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Pharmacy practice in a digital revolution

July 21, 2021

Dutch pharmacist and author Claudia Rijcken presents her research to ACP Council. 

In many aspects of our lives, technology has advanced a great deal in a relatively short period. Consider the automobile.  

When cars were first introduced, drivers had no idea what their vehicle’s oil level was, what the tire pressure was, or much of anything else. In fact, most early cars didn’t even come equipped with a speedometer, leaving the driver to guess how fast they were going. Today, cars can tell the driver about almost everything that’s going on inside and outside of the vehicle, including weather conditions, road and traffic conditions, and, yes, the air pressure in your tires. Based on these and other factors, cars can now accurately predict when you will arrive at your destination.  

According to Claudia Rijcken, we are experiencing the same digital revolution in health care. Thanks to advancements in technology, individuals can access much more information about how their bodies are functioning and healthcare providers are able to predict—and prevent—future health problems.  

Claudia, a Dutch pharmacist and author, edited the 2019 book Pharmaceutical Care in Digital Revolution (ISBN 978-0-12-817638-2) and presented her research to ACP Council at its June 2021 meeting. She said we are currently experiencing a sixth wave of digital revolution with a convergence of all types of technology, including artificial intelligence (AI), robotics, and automation. She opined that in health care, the prevailing attitude is “digital if possible, human if needed.” 

“It’s not that technology will replace pharmacists or doctors, but we think about it from the perspective of blended care,” said Claudia. “If we provide care digitally it can give us more time to deal with more complicated cases via human care. Care providers who are not aware of what technology is available to them are less-educated professionals.” 

Claudia believes that health systems must adapt to a healthier, aging population with changing needs and expectations when it comes to health care.  

“We are more and more used to being able to order everything from our couch and having 24-hour access to ordering products and support services,” said Claudia. “People expect that more and more from health care as well. Younger populations are more willing to monitor their own health. COVID-19 has accelerated virtual care opportunities. People expect personalized care that focuses on their needs. AI and data can support that.”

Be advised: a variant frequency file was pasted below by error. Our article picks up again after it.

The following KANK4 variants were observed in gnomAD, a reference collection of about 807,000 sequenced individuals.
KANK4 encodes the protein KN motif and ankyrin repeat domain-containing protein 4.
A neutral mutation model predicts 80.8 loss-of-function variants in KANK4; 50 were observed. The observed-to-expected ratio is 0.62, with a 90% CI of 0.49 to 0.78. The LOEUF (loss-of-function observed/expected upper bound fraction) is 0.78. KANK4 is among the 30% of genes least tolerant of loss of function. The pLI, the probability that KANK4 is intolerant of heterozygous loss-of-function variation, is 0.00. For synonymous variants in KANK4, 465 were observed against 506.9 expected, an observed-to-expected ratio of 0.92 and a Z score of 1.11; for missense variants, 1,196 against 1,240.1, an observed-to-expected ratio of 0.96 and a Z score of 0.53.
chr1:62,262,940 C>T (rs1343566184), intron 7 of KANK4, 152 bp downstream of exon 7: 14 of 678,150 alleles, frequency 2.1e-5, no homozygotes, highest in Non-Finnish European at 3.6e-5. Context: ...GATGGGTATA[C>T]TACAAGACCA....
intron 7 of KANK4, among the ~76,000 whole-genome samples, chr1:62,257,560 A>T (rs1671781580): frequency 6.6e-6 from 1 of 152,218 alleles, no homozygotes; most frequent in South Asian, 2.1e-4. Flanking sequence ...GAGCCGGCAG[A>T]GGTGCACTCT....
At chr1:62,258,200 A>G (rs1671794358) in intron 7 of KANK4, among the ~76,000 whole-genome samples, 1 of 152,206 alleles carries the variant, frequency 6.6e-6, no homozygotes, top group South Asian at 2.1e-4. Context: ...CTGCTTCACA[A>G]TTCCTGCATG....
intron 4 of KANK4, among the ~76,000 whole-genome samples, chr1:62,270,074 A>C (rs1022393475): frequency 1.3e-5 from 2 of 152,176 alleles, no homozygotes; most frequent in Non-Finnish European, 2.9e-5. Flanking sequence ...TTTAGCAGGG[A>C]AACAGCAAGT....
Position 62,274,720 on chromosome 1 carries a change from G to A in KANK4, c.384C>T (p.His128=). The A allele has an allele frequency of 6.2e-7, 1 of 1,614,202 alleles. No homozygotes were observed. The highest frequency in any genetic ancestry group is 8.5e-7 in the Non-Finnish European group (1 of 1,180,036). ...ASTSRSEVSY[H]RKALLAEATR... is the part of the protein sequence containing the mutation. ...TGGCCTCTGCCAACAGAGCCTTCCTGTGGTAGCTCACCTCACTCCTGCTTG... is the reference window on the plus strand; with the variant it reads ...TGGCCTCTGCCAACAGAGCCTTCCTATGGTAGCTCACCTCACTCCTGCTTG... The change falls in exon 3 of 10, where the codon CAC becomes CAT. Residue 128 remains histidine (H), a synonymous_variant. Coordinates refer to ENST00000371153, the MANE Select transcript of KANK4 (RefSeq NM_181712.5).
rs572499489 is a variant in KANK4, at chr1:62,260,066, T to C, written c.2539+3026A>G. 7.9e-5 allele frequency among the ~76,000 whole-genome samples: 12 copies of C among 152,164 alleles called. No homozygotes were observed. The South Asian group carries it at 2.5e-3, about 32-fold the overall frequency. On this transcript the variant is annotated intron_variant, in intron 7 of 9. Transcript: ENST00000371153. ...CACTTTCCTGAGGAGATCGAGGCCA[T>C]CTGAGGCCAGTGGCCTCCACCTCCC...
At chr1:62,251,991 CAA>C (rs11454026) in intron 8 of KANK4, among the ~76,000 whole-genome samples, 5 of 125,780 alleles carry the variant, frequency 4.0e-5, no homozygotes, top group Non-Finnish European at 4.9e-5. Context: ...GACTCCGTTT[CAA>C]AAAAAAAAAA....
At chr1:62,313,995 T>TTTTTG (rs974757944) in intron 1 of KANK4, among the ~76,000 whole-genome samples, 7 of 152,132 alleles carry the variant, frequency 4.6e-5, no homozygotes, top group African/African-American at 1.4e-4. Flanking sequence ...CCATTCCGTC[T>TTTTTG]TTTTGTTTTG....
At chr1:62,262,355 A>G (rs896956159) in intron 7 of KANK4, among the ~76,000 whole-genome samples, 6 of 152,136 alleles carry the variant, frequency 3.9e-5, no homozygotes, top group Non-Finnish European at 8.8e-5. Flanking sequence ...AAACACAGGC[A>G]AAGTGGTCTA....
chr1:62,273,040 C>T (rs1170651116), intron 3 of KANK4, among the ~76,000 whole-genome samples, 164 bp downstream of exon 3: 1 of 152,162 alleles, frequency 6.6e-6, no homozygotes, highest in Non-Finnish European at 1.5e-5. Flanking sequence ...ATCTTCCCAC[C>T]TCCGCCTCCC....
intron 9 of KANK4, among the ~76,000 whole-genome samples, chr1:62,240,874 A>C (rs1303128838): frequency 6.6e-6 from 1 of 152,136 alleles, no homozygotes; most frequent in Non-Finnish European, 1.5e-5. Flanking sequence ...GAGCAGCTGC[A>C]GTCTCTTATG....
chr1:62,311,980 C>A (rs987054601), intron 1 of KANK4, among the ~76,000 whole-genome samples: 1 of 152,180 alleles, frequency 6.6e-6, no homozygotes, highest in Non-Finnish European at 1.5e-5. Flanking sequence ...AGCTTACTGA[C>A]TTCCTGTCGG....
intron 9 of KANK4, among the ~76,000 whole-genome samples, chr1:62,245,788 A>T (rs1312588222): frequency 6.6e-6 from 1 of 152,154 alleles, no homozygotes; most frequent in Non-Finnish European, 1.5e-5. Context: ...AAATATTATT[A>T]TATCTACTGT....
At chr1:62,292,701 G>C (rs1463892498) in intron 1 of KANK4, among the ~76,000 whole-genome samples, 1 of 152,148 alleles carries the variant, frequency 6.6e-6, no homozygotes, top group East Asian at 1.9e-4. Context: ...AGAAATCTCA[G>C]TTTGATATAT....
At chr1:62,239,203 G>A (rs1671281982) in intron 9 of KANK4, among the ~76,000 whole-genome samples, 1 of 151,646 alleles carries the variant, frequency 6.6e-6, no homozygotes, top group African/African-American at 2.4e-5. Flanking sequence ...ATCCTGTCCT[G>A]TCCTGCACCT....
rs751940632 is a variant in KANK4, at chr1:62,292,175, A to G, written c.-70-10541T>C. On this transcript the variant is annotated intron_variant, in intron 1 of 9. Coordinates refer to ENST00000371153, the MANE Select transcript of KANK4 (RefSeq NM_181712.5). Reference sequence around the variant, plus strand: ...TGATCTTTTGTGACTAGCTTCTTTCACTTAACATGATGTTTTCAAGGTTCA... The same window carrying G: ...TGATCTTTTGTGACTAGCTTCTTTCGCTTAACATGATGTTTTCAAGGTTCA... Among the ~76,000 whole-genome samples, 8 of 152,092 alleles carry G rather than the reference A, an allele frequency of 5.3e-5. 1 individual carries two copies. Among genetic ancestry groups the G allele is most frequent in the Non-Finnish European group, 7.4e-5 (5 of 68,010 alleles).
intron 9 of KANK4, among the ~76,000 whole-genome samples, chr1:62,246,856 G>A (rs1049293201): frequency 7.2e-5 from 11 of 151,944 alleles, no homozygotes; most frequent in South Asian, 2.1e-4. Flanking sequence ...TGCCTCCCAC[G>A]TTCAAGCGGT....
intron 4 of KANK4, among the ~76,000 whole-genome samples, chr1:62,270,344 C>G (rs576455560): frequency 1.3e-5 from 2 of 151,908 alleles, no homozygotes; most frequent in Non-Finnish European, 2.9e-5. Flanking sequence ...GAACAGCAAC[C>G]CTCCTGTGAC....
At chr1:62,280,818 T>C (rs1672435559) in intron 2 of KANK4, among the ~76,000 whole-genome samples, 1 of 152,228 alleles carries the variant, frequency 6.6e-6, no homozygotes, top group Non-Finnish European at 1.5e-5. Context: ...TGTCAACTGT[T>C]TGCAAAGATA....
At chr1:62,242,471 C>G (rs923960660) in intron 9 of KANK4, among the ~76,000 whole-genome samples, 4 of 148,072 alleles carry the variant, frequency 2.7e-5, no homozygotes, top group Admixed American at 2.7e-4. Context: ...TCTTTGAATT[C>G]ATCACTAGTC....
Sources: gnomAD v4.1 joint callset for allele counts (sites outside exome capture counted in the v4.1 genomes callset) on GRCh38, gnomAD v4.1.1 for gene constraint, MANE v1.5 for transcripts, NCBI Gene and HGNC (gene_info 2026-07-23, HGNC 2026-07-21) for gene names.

Here are some sources of data Claudia believes are already, or will become, beneficial to pharmacists: 

  • electronic health records; 
  • e-prescribing and e-dispensing; 
  • online pharmacy and health data systems; 
  • wearable technology; 
  • robots and virtual humans; 
  • digital therapeutics (as an alternative to drug therapy); 
  • remote patient monitoring, counselling, and virtual care; and 
  • patient-reported outcomes. 

“These can help pharmacists make better decisions and improve the discussion you have with a physician about the best care profile for a patient,” said Claudia. 

Pharmacy is already experiencing the digital revolution. In Europe, Claudia pointed to ATM-type machines where patients can pick up prescriptions or refills. Patients can also use mobile phone apps to order prescriptions or over-the-counter medications. A pharmacy chain in the Netherlands has a digital pharmacist which uses AI to answer general health or medication questions.  

“The pharmacy chain is monitoring and tracking the experience of patients to see if they like her (the digital pharmacist),” said Claudia. “So far the feedback has been positive. She has emotions. It is conversational artificial intelligence. If a patient has a question at 9:00 or 10:00 in the evening and they don’t want to go to a pharmacy, she can answer their questions 24/7 quite quickly. She can’t answer every question. If she can’t help you, she will refer you to a human pharmacist.” 

Council recognizes the need to modernize our practice framework in anticipation of new opportunities for patients and how they continue to receive quality care and services. That is why this is identified as one of ACP’s five strategic goals over the next five years.   

There is an urgency for pharmacists and pharmacy technicians to become digitally competent. Regulated members are more likely to be successful in the future if they can easily access digital information about their patients from multiple sources and translate this into evidence-informed knowledge that is usable by them and the patient in a timely manner. 

 


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